Life is meant to be shared. The idea of separation is counterintuitive to life. Within the human mind came the idea of control. Along with it, a deluge of misfortune. Nature professes unity and the natural kingdom honors the message.
In my life the message of releasing control has been prescribed to me through my relationships. And none more so than in my relationship with horses. The contrast between freedom and control can be practiced profoundly in each and every interaction. Especially when it comes to riding. And even most especially while riding my young horse.
At the ripe age of 61, I am starting what might be my last horse. This is a deeply meaningful time in my life. My 27 year old horse, whom I’ve loved all his life, looks on. The other day he literally came in off the field and stood by the arena fence to watch as I rode my young colt. I felt as if I had a foot in two worlds —the past and the present.
I can safely say that I am doing everything differently now than when I started Far Go, 25 years ago. And in that statement I am pleased. Though it does carry with it the echo of my teacher’s words, way back then…
“I wish I knew then what I think I know now!” -Ray Hunt.
In my work with people, both personally and with horses, I see a mirror of my past—of wanting to know what to do. I’ve said many times the most common question I hear is “What do I do?”
In Perfect Practice I wrote, “Typically there is only one person who can accurately answer that question, and that is the person asking it. Each day and each life are variables.”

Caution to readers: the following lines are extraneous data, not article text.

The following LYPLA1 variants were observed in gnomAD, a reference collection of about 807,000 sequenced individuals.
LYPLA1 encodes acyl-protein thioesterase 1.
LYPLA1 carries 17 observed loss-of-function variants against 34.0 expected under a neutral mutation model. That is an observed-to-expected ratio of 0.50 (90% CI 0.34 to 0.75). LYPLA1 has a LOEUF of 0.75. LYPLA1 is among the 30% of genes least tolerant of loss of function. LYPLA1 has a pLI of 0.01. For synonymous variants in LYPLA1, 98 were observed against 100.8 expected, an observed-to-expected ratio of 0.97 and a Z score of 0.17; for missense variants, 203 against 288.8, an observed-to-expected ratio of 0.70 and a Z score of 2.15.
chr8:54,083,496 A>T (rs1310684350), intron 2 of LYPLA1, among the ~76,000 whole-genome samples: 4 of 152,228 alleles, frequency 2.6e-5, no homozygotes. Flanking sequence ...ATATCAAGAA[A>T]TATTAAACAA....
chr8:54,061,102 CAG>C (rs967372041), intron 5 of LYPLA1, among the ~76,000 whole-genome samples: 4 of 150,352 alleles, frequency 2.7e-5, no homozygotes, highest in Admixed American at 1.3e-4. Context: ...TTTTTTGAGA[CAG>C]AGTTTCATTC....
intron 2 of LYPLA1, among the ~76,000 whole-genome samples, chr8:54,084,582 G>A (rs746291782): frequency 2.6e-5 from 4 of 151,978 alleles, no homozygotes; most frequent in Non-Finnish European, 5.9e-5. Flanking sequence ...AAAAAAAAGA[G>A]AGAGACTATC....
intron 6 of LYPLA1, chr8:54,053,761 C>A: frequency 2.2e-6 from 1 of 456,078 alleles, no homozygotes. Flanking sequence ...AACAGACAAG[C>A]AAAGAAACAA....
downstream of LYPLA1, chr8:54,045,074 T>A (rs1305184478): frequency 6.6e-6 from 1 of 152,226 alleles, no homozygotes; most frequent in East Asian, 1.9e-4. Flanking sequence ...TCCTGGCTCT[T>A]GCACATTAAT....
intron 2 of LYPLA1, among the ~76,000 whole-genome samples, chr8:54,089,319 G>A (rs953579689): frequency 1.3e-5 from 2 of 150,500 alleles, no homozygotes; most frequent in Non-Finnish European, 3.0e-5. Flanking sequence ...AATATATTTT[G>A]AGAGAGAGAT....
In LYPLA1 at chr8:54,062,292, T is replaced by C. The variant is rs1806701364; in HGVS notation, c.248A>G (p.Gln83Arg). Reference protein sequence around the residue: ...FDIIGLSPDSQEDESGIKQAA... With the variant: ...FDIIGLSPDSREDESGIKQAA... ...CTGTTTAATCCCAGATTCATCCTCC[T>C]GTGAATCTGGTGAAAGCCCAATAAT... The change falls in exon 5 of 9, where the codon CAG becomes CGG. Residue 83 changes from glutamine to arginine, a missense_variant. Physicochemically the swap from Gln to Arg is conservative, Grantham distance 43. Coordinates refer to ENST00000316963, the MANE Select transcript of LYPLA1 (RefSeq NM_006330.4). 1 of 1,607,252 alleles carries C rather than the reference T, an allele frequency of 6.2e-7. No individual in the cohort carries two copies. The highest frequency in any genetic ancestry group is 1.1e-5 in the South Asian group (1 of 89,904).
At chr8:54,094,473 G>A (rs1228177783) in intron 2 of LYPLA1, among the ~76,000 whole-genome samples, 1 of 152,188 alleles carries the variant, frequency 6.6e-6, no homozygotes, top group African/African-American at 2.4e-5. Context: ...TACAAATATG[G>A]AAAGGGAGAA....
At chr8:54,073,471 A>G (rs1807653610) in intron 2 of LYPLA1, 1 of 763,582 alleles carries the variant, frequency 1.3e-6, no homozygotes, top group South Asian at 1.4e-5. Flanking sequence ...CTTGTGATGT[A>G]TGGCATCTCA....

It is a tall order to describe to folks that the greatest changes often come from undoing! It’s literally the opposite of what people think they would be hiring a coach for.
But this is my only gift to give. Do less, and find the vastness of all creation. I don’t mean this as a trite cliché, I mean it quite literally! The human’s obsession with control must be exposed. We can come to realize the ineffectiveness of this habitual tendency and replace it with inexhaustible Grace.
I’m not talking about this solely from a horsemanship perspective. I’m sharing that horsemanship was where I came to understand this, and continue to expand on it.
Recently while working with my young horse, I had the wonderful opportunity to find yet another way of undoing. And actually I gained with this experience rare empirical knowledge. I not only embraced conflict, but celebrated it.
There is real truth in the meaning that when we see our hardships as Grace we are free. This is truly an advanced education. And it came through my horse “Grace”.
As with many horses, while being ridden in an arena environment they have all sorts of dilemmas to resolve within themselves. As humans we see a simple box. We move down a straight line, make a 90* turn then straight again and so on. What can be complex about that? But not so for the horse.
My horses live deep in nature. They have 20 acres of terrain on which to wander. There are hillsides and crevasses, there is brush and trees and logs. There are many obstacles in the way of a straight path. The horses have made trails through the dense forest. And these trails wind and move like a serpentine. There are no boxes in their environment, other than the ones they find with me.